Thus the launch of 4G services gives Airtel a first mover advantage. Hence like a true oligopoly it follows the Stackelberg model.It has set its output before other fellow competitors have done.

Advertisement-revenue ratio

Below is table showing the advertisement-revenue ratio for 4 years:

 

2012

2011

2010

2009

Advertising expense(in million)

5586

7215

5508

6228

Revenue(service revenue in million)

416038

380158

356095

340142

Adv/Reveneue ratio

0.013427

0.018979

0.01546778

0.01831

Table 1: Advertising to Revenue Ratio

From the table we can infer that Airtel spends more or less same amount for its advertisement for the past consecutive 4 years.

Airtel’s other promotion strategy

Airtel believes in new innovative promotion strategies. Below are some examples of Airtel’s promotional strategy

This is the first time in India, where Airtel customers can access their Twitter/Facebook accounts for nominal charges per day even without activating data services.

The year 2011-12 was marked by significant achievements on the brand front as Airtel strengthened its position as a youth brand. The Company again captured the imagination of the nation with the high impact “Har Friend Zaroori Hai (HFZ)” brand campaign that was launched in August 2011.This has been improved with the latest add of “Jo tera hai wo mera bhi hai”. Hence its objective to target the youth has been successful to a large extent.

Government Regulations:

Spectrum Issues:

In the recent supreme court ruling in the cancellation of 2G licenses in 122 telecom sectors in India, Bharti Airtel market share has increased from 19.58 percent in January 2012 to 19.62 percent in Feb,2012. This is mainly due to Supreme Court order to Uninor, MTS and Videocon telecommunication stop services in the sector were their licenses stand cancelled. With the reduced supply, the prices may shoot up in near future of all the services provided by telecom operator and the demand will be more elastic.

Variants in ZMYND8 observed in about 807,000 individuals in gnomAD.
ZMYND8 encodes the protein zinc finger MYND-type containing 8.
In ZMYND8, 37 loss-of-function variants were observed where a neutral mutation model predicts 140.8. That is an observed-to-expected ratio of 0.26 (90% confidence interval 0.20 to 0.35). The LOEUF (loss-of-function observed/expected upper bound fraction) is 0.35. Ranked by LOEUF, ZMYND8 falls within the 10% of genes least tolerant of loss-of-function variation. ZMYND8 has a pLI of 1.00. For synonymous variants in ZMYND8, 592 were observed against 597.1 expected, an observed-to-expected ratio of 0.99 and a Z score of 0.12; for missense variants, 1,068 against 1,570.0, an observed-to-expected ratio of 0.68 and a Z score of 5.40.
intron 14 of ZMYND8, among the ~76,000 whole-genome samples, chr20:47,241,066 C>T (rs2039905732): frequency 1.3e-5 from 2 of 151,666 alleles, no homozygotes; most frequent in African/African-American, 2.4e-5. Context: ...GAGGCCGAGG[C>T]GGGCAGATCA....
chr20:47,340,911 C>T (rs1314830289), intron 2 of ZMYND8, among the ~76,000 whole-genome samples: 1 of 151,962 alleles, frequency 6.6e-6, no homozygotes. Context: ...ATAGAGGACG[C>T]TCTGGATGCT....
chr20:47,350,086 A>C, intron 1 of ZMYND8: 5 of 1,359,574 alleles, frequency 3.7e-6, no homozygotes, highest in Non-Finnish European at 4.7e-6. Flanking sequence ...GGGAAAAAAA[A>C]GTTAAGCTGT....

National Telecom Policy (NTP):

The National telecom Policy which was designed in 1999 with an aim of providing affordable and quality telecommunication services in rural and remote areas has undergone recent changes. These changes had been introduced by Department of Telecommunications (DoT) in October 2011. This policy will replace the existing telecom policy formulated in 1999 and define the general direction that telecom policy in the country is expected to take. Some of the major amendments include availability of affordable and effective communication for the citizen, broadband for all at minimum download speed of 2 mbps.

Implication of Change in National Telecom policy over Airtel:

With the implementation of new NTP that seeks to curb the roaming charges and easing of licensing policy, Bharti has been net beneficiary of MNP (mobile number portability) with net addition of 0.15 mn subscriber in Feb,11 (Sources: COAI,TRAI). Airtel was largely benefitted because of “one nation, one license” policy which lead to reduction of high input fixed cost. The draft policy also recommended delinking future licences from spectrum and selling them at market-based prices which brought further flexibility into the system.